Two bombings attributed to ISIS today suggest that the group might be expanding its operations into some new territory.
First, a number of explosions targeted vehicles belonging to members of Hamas and Islamic Jihad in Gaza, reportedly injuring a couple of bystanders. As far as I know there’s been no formal claim of responsibility for the blasts, but “a freshly painted ISIS flag” was apparently found near the scene. ISIS has been poking at Gaza and southern Israel for a little while now, declaring in a video last month its intention to “uproot the state of the Jews and you [Hamas, to whom the video was addressed] and Fatah [the Palestinian Authority]” and firing a rocket into southern Israel a couple of weeks ago (via its Sinai Province affiliate). Whether ISIS sees Gaza as the prize or is simply trying to bait Israel into a fight to boost its prestige and maybe help it destabilize neighboring Egypt…well, your guess is as good as mine.
Second, at least 31 people are dead and 100 wounded after an attack in the Turkish town of Suruç, along its Syrian border. The targets appeared to be members of the Federation of Socialist Youth Associations, which was holding an event in Suruç to drum up support for rebuilding the Kurdish-controlled city of Kobani in northern Syria. Again there hasn’t been a formal claim of responsibility so far as I know, but Turkish authorities seem to be pretty insistent that ISIS is the likely culprit. Then again, they’re also saying stuff like this:
A Turkish official speaking to CNN on condition of anonymity said the government thinks the attack is “retaliation to the Turkish government’s fight against terrorism.”
So far the “Turkish government’s fight against terrorism” has, when it comes to ISIS, mostly consisted of it looking the other way while ISIS used its border with Syria as a supply line. Indeed, for the Turks, “fighting terrorism” is about combating the Kurdish PKK, which is allied with the Kurdish PYD in Syria, also known as “the group that’s been doing most of the fighting against ISIS.” So whatever Ankara’s fight against terrorism has been, it hasn’t really been a fight against ISIS. This attack appears to have targeted Kurds, or at least people who are trying to help Kurds, and therefore could be seen as not being an attack on Turkey at all, despite the fact that it occurred on Turkish soil; that’s how complicated things are on that Turkey-Syria border right now. Still, this was an attack on Turkish soil, which is new for ISIS (assuming they were behind it), and given Turkey’s sensitive political situation right now, something like this could spur Ankara to actually start taking concrete steps to counter ISIS (controlling the border, for one thing).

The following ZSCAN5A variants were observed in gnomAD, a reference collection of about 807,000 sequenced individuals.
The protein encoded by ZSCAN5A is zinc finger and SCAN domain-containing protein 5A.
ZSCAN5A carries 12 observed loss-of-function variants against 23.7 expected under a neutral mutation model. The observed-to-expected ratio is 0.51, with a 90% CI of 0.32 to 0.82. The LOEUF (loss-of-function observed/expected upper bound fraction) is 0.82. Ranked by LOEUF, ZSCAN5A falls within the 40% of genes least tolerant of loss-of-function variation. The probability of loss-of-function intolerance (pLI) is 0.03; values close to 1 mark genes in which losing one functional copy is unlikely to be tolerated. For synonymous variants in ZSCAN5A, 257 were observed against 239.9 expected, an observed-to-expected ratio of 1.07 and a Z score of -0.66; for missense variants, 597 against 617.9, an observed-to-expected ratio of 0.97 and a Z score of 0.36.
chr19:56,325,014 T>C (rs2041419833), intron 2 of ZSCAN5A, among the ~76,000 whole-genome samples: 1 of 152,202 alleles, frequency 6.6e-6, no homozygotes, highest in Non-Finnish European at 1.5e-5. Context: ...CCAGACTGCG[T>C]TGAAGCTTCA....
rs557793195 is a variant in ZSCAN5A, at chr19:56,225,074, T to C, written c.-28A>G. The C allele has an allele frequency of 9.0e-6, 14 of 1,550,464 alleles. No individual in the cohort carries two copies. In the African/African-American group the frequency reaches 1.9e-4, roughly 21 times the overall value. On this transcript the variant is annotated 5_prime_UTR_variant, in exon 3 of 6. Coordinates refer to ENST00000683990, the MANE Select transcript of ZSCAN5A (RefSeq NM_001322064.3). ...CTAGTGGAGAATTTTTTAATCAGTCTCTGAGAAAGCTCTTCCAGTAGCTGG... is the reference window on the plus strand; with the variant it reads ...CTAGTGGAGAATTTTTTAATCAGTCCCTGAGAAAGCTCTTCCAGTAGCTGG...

On the other hand, the Turkish government could figure out a way to blame the whole mess on the Kurds and stick to its current policies, or even escalate and invade northern Syria to establish a buffer zone on the other side of the border. Turkey’s army opposes such a move, but a bombing like this might make it impossible for them to take a public stand against it. Heck, if Turkey President Tayyip Erdoğan plays his cards right, he could even spin this bombing into an electoral argument against divided government and the chaos it brings, then call new elections and hope to see his AKP returned to a parliamentary majority, so it no longer has to worry about forming a coalition and reopening those uncomfortable corruption investigations that the other Turkish political parties seem so interested in reopening. Then, if Erdoğan goes ahead with an invasion into northern Syria, using this bombing as part of his justification, he could hope to force Washington’s hand as far as shifting its Syria policy to focus more on taking out the Assad regime and reining in Kurdish ambitions. Which would ultimately benefit ISIS as well as Ankara. And all it would have taken was one attack on a bunch of people whom Erdoğan pretty much hates anyway.
Huh. Funny how that all fits together. Probably just my imagination though.
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